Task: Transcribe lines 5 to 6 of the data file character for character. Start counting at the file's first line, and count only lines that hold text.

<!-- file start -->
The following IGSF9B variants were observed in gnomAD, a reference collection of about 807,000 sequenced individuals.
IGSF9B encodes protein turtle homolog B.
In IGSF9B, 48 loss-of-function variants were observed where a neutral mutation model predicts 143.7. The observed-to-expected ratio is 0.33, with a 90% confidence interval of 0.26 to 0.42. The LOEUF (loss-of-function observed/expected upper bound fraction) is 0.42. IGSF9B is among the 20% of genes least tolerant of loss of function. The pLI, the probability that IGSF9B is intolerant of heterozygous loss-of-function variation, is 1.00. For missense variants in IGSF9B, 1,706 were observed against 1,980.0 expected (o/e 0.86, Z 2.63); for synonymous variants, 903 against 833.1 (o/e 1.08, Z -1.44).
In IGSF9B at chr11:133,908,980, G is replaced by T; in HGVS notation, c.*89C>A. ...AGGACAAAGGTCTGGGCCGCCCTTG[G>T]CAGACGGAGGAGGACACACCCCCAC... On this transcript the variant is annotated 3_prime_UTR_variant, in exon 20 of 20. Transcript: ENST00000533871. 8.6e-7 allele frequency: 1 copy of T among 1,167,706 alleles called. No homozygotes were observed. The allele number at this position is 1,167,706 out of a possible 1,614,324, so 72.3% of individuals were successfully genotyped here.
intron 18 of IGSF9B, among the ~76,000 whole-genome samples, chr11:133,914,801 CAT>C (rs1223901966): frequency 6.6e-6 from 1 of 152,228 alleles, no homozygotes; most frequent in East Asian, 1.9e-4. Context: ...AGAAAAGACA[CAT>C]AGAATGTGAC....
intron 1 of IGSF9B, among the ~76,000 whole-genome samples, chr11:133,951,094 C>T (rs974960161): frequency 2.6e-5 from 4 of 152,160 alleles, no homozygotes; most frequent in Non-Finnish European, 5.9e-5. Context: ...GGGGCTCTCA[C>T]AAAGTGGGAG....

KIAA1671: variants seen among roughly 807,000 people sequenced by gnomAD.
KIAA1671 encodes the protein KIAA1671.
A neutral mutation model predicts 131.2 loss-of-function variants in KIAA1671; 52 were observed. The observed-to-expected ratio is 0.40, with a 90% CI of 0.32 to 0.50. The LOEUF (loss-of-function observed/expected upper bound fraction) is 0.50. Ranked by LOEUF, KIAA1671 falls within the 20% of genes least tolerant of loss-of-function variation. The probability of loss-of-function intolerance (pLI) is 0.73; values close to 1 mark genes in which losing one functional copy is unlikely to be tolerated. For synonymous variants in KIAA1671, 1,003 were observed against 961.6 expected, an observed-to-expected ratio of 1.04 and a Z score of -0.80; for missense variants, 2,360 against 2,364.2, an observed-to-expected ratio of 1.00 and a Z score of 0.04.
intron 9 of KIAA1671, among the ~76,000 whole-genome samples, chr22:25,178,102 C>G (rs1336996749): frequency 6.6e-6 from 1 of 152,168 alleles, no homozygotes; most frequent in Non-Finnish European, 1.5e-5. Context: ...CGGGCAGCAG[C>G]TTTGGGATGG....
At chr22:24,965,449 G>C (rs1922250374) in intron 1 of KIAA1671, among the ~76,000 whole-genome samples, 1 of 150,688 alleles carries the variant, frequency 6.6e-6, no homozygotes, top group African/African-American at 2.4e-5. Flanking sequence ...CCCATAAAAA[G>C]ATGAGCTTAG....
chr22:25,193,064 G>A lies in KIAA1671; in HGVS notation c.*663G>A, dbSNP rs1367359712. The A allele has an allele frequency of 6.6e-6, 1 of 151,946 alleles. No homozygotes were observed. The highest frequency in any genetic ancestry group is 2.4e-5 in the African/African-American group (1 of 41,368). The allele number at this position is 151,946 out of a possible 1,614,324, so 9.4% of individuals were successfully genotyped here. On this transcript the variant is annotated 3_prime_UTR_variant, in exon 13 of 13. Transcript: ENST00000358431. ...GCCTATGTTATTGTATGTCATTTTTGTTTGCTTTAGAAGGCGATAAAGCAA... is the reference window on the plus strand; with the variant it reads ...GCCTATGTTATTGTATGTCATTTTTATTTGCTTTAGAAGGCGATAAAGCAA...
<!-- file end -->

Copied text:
intron 18 of IGSF9B, among the ~76,000 whole-genome samples, chr11:133,914,801 CAT>C (rs1223901966): frequency 6.6e-6 from 1 of 152,228 alleles, no homozygotes; most frequent in East Asian, 1.9e-4. Context: ...AGAAAAGACA[CAT>C]AGAATGTGAC....
intron 1 of IGSF9B, among the ~76,000 whole-genome samples, chr11:133,951,094 C>T (rs974960161): frequency 2.6e-5 from 4 of 152,160 alleles, no homozygotes; most frequent in Non-Finnish European, 5.9e-5. Context: ...GGGGCTCTCA[C>T]AAAGTGGGAG....